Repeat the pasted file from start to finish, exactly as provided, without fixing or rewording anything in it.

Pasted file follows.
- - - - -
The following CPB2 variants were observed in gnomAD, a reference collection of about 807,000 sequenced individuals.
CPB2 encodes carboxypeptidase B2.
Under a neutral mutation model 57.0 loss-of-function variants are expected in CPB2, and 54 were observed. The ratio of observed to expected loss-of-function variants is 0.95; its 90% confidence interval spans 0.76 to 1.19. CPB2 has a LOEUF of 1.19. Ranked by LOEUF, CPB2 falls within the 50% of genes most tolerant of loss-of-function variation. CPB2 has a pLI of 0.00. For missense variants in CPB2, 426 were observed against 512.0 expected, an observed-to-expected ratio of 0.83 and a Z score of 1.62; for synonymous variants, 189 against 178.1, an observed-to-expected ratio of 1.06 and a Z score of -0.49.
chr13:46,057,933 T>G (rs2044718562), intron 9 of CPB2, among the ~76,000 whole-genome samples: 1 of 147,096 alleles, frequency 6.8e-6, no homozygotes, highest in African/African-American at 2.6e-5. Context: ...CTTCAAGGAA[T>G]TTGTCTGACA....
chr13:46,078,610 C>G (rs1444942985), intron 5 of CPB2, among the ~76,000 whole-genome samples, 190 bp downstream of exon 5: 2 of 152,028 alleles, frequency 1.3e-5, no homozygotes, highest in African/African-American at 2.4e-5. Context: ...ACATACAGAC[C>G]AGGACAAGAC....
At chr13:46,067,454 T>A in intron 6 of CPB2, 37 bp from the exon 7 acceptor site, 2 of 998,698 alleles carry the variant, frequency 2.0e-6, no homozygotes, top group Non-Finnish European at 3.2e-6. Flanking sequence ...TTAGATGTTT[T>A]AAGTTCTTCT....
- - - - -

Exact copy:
The following CPB2 variants were observed in gnomAD, a reference collection of about 807,000 sequenced individuals.
CPB2 encodes carboxypeptidase B2.
Under a neutral mutation model 57.0 loss-of-function variants are expected in CPB2, and 54 were observed. The ratio of observed to expected loss-of-function variants is 0.95; its 90% confidence interval spans 0.76 to 1.19. CPB2 has a LOEUF of 1.19. Ranked by LOEUF, CPB2 falls within the 50% of genes most tolerant of loss-of-function variation. CPB2 has a pLI of 0.00. For missense variants in CPB2, 426 were observed against 512.0 expected, an observed-to-expected ratio of 0.83 and a Z score of 1.62; for synonymous variants, 189 against 178.1, an observed-to-expected ratio of 1.06 and a Z score of -0.49.
chr13:46,057,933 T>G (rs2044718562), intron 9 of CPB2, among the ~76,000 whole-genome samples: 1 of 147,096 alleles, frequency 6.8e-6, no homozygotes, highest in African/African-American at 2.6e-5. Context: ...CTTCAAGGAA[T>G]TTGTCTGACA....
chr13:46,078,610 C>G (rs1444942985), intron 5 of CPB2, among the ~76,000 whole-genome samples, 190 bp downstream of exon 5: 2 of 152,028 alleles, frequency 1.3e-5, no homozygotes, highest in African/African-American at 2.4e-5. Context: ...ACATACAGAC[C>G]AGGACAAGAC....
At chr13:46,067,454 T>A in intron 6 of CPB2, 37 bp from the exon 7 acceptor site, 2 of 998,698 alleles carry the variant, frequency 2.0e-6, no homozygotes, top group Non-Finnish European at 3.2e-6. Flanking sequence ...TTAGATGTTT[T>A]AAGTTCTTCT....